Recovery Gear – Which Is Best For Off-Road Adventures?

 As the critical connector between stuck off-road truck and recovery vehicle, shackles are the most important part of your recovery gear and must be carefully chosen.

While most people are familiar with iron bow shackles, soft shackles made from thick woven nylon have also become very popular.

Should you use them or stick with the standard bow shackle?

Since there are pros and cons to both, it wouldn’t hurt to have both in an onboard off-road recovery kit as long as you know how and when to use each type.


Bow shackles are made of iron and normally have a load rating of 6X their working load limit.

Available in sizes large enough to have a 22,000-pound tow rating, these shackles are very commonly used for the reliable strength and durability that iron offers.

Soft shackles are made of nylon and other synthetic fibers and offer the same tow rating and load limit as iron shackles.

Though they are a newer product, soft shackles offer certain benefits over bow shackles that have prompted more people to start using them when out in their weekend warriors.


Of the two, bow shackles are very durable and will last the longest.

They can be used on any type of attachment point on your off-road truck whether sharp or dull without damage to the iron and aren’t affected by UV damage, dirt, or moisture.

Soft nylon shackles can be damaged by sharp metal edges, deteriorate over time due to UV damage, and be negatively affected from sand or dirt in the rope cutting the microfibers if it’s not cleaned after each use.

Soft shackles should be replaced whenever there are any signs of wear, discoloration, or deterioration, as its reliability could be questionable.


There is a big difference in cost between the two shackle types.

  • Large iron shackles can be bought at just about any hardware store and cost about $10-$20 each depending on the size and thickness.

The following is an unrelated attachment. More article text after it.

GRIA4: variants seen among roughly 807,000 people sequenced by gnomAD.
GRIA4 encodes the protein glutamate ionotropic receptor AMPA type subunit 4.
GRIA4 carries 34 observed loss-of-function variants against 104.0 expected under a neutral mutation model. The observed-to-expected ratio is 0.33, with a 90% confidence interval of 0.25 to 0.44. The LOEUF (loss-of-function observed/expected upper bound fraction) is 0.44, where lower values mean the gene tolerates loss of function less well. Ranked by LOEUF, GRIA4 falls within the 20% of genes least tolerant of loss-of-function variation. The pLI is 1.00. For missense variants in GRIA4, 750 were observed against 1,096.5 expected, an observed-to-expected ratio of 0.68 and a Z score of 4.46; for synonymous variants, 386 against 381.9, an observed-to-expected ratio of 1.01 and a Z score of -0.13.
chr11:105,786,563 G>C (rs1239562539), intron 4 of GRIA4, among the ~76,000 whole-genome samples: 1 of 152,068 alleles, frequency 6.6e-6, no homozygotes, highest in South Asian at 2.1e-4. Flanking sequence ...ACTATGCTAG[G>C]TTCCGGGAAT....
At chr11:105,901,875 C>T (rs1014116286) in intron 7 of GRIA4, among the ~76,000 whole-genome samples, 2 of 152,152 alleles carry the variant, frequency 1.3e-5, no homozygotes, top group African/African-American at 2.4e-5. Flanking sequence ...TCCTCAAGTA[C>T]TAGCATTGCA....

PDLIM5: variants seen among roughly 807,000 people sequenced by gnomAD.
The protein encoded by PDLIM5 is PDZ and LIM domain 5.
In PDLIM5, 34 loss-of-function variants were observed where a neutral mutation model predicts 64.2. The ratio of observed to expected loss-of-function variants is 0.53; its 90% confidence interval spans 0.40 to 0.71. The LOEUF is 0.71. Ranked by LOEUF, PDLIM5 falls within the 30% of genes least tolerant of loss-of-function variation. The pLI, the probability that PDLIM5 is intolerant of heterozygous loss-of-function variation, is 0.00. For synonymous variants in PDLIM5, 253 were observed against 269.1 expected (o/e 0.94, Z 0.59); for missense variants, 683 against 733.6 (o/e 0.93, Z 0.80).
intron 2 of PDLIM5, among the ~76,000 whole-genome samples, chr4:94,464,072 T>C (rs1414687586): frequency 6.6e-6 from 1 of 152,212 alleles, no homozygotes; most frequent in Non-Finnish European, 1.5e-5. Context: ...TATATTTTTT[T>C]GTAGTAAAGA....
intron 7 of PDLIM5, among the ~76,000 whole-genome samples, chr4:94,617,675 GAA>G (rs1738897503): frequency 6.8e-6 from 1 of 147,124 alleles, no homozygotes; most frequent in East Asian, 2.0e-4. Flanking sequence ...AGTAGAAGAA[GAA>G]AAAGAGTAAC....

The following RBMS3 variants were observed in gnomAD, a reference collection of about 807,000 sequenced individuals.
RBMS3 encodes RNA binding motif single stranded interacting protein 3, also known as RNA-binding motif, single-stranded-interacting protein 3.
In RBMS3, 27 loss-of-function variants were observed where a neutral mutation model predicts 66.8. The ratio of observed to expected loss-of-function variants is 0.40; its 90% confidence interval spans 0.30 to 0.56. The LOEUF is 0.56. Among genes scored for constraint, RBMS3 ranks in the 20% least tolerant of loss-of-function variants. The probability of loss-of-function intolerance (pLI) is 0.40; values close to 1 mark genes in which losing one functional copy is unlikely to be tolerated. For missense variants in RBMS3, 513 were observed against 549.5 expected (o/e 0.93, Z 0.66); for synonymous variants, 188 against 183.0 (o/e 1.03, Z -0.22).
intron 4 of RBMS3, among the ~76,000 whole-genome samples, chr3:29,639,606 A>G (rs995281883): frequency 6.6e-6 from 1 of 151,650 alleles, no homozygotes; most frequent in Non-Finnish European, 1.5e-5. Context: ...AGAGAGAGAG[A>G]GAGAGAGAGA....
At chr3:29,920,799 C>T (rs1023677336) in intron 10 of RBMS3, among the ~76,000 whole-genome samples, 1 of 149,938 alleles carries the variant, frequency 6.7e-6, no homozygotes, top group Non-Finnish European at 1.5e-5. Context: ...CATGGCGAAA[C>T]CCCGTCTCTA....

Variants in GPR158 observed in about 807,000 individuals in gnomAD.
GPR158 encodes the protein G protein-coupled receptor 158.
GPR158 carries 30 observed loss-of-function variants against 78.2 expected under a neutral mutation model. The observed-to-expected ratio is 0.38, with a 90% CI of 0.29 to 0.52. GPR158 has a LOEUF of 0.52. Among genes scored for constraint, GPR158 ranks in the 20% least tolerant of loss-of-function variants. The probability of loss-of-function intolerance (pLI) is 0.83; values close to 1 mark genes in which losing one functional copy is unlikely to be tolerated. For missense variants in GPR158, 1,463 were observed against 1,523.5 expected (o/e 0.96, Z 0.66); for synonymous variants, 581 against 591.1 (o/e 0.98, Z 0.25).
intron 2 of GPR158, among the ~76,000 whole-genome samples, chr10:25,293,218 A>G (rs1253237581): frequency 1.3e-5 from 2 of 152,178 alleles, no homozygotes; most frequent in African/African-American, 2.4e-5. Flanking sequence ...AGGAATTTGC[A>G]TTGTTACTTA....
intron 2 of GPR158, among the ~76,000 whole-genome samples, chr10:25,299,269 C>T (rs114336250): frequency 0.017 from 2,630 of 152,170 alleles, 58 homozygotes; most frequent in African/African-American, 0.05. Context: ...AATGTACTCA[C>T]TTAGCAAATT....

• Soft synthetic shackles range in prices that start at about $30 and can go as high as $75 or more depending on the thickness and rating.


One area where soft shackles can be more useful is in their application when you're out traveling the trails or climbing rocks in your modded off-road truck or Jeep.

They can be used to loop through a truck’s factory tow point as long as there are no sharp metal edges to damage it as well as be used as a safe link point between two recovery straps.

Conversely, bow shackles should only ever be used through a factory recovery point and never used for joining two straps together.


While bow shackles can be purchased at just about any hardware store, soft shackles probably won’t be; however, you may find both at an RV store.

One-piece soft shackles are easier to use with an off-road truck as they simply loop through and secure with the big knot while iron shackles are secured with a screw-in pin that has to be correctly threaded for it to secure properly.

In addition, soft shackles are easier to keep track of as the whole shackle is made of a single part with no pins to lose in the mud or sand and won’t end up at the bottom of a stream since they float.

They’re also a third of the weight of a comparable iron bow shackle, which might be preferable when trying to keep your truck or Jeep as light as possible as a few metal shackles can really add the pounds.


Although tough iron bow shackles are superior in terms of durability and cost as well as equally as strong as their counterparts, the one area where soft shackles are head and shoulders above bow shackles is in safety when used to get a stuck off-road truck out of trouble.

The biggest danger when using heavy iron bow shackles is the possibility that it could break or come undone and become a flying projectile; people have been killed by shackles flying back to hit them during a recovery effort.

Soft shackles are exponentially less likely to cause more than minor injuries if someone is struck by one.&

Which Shackle Fits Your Recovery Kit?

With the different pros and cons of each, it should be easy to see that iron shackles might be better in some recovery situations while soft shackles would be better used in others.

Choose the one that fits your situation best or if being prepared for any situation is important, have one of each in your off-road truck or Jeep.

Just be sure the ones purchased are each rated strong enough to do a recovery for your vehicle’s weight and size!

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